Obituary: Derek Hersey
THE CLIMBING WORLD lost a mascot when Derek Hersey fell to his death while soloing a route in Yosemite Valley, California. He was one of the top three solo rock-climbers in the United States along with John Bachar and Peter Croft (the latter a Canadian by birth). Hersey was alsotreasured for his exceedingly gregarious nature, his cheer, for his wildness and long hair, and amusingly ragamuffin ways. Though primarily a solo (ropeless) climber, he would happily put on a rope to climb anything with anyone, of any ability, and treated all kinds of people equally.
As a soloist, Hersey was known for covering tremendous amounts of terrain, and also for having the willingness and mind control to do routes whose difficulty was not far below what he could do roped, first try - most people who do any soloing select routes a few grades easier than what they can expect to do roped.
Hersey was born in Stretford, Manchester, but had made his home in Boulder, Colorado, for the last 10 years. In one day he soloed three routes on the steep 1,000ft Diamond Face of Longs Peak, Rocky Mountain National Park. He had done three routes - some 35 ropelengths (or 'pitches', roughly 150ft each) in a day in the forbidding 1,500ft Black Canyon of the Gunnison. At home, he went out nearly daily, even in winter, to his 'office' in Eldorado Canyon, and soloed up to 20 different pitches. He had made the second-ever solo of the world-renowned climb the Naked Edge, a 5.11 (on a scale reaching from 5.0 to 5.14, with routes from 5.11 up considered extreme), a jutting prow whose top pitches look down some 500ft to the deck. Hundreds of his solos were 5.10s and 5.11s.
The Steck-Salathe route on Sentinel Rock in Yosemite National Park, from which he fell probably several hundred feet to a mercifully instant death, was a 5.9, well within his abilities. No one will ever know exactly why Hersey fell, but it may well have been related to a sudden rainstorm that reportedly passed through the area. Energetic as usual, Hersey was doing the route the day after climbing the 3,000ft Nose Route on El Capitan in a single day (roped), a fine and exhausting achievement. In some ways it was fitting that the route was a 5.9 rather than, say, a 5.12, as there was no doubt that it was within his ability. Nor was there any question that he was doing it out of pressure or for accolades - out of anything but love of the experience.
In the rock-climbing world, whose best practitioners often diet and drink carrot juice to keep their weight down, he was famous for his regime of chips, hot dogs, pork chops, and bright-pink 'Twinkies' cupcakes. When interviewed for various articles, he would obediently give some quotes about why he soloed, and the intense, exhilarating focus it required, yet he was likely to lighten up the proceedings by saying that he once fell 18 feet because he was hungry and thinking about a cheeseburger. (The route from which he dropped was Edge Lane, at Millstone Edge, near Sheffield; he merely bruised his heels, and was able to walk to the pub on his toes.)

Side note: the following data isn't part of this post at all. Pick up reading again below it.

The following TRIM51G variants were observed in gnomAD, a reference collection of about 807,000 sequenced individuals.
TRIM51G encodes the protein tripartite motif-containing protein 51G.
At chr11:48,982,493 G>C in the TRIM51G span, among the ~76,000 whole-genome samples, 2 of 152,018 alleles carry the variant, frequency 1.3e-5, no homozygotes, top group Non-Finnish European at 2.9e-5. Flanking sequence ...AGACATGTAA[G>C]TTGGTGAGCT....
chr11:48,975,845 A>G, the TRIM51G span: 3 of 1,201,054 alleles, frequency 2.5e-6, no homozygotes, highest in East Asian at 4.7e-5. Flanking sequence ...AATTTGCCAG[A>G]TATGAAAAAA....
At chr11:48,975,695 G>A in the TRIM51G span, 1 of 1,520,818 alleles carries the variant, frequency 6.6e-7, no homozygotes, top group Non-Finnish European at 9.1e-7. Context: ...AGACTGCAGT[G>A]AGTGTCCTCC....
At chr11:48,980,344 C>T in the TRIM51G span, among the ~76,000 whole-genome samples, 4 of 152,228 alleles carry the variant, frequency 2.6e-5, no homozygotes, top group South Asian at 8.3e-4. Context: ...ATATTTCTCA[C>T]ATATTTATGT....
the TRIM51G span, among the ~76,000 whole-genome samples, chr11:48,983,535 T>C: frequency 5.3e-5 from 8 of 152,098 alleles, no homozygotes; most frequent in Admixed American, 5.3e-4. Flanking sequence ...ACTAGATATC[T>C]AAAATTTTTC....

In one of his explanations of soloing, he said: 'There's nothing that makes me feel so alive. You're thinking - but not in words. You're thinking in movement, in rhythm.'
Climbing was Hersey's whole life; it had long been all he wanted to do. However, in recent months he had actually begun trying harder to make a living at it, through slide shows and his increasingly busy guiding service, and to develop his life in other ways - to get a driver's licence, for example (he had always hitch-hiked). He had also worked to develop his climbing style, which formerly could be a little sloppy, into one that was continuous and flowing. He was very careful, vigilantly testing handholds before weighting them.
On 4 June, some 200 to 300 friends congregated for a 'wake' and slide- show about Hersey in Eldorado Canyon. There had been a run on Sheaf Stout, Hersey's favourite, in Boulder, with all the town's many liquor marts selling out (one shop sold a specially ordered 20 cases). Restaurateurs who had known Hersey donated pizzas and other foods.
The friends present were dazed, not so much surprised as shocked, by the death. After, perhaps, worrying about Hersey in earlier days, many had come to think of him as almost immortal, as being so experienced at what he did that his 'number' was never going to come up.
Craig Luebben, who was Hersey's partner on his trip to Yosemite and on the Nose, recalled: 'We passed a lot of parties, and Derek was everybody's hero, so they were psyched to help us pass them.' Those same climbers, days later, came down into camp to look for their new friend only to find out the terrible news.
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